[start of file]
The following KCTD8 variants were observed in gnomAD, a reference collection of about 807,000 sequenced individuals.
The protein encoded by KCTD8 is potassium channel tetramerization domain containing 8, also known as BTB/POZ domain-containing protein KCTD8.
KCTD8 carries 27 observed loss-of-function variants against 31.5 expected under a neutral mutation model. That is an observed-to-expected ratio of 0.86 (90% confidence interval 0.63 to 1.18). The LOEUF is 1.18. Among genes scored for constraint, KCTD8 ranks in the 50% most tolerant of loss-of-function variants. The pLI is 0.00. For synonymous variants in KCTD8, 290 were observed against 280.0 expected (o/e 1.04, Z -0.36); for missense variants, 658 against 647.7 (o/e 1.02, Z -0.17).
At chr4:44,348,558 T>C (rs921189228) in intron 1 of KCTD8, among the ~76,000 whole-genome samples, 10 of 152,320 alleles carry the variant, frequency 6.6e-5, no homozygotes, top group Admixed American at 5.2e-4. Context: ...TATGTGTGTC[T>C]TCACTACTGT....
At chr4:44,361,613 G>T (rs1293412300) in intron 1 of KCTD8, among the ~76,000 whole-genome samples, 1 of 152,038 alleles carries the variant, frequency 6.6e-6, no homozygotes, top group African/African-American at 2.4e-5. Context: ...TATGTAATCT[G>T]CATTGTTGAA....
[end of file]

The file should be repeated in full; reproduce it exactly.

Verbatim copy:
The following KCTD8 variants were observed in gnomAD, a reference collection of about 807,000 sequenced individuals.
The protein encoded by KCTD8 is potassium channel tetramerization domain containing 8, also known as BTB/POZ domain-containing protein KCTD8.
KCTD8 carries 27 observed loss-of-function variants against 31.5 expected under a neutral mutation model. That is an observed-to-expected ratio of 0.86 (90% confidence interval 0.63 to 1.18). The LOEUF is 1.18. Among genes scored for constraint, KCTD8 ranks in the 50% most tolerant of loss-of-function variants. The pLI is 0.00. For synonymous variants in KCTD8, 290 were observed against 280.0 expected (o/e 1.04, Z -0.36); for missense variants, 658 against 647.7 (o/e 1.02, Z -0.17).
At chr4:44,348,558 T>C (rs921189228) in intron 1 of KCTD8, among the ~76,000 whole-genome samples, 10 of 152,320 alleles carry the variant, frequency 6.6e-5, no homozygotes, top group Admixed American at 5.2e-4. Context: ...TATGTGTGTC[T>C]TCACTACTGT....
At chr4:44,361,613 G>T (rs1293412300) in intron 1 of KCTD8, among the ~76,000 whole-genome samples, 1 of 152,038 alleles carries the variant, frequency 6.6e-6, no homozygotes, top group African/African-American at 2.4e-5. Context: ...TATGTAATCT[G>T]CATTGTTGAA....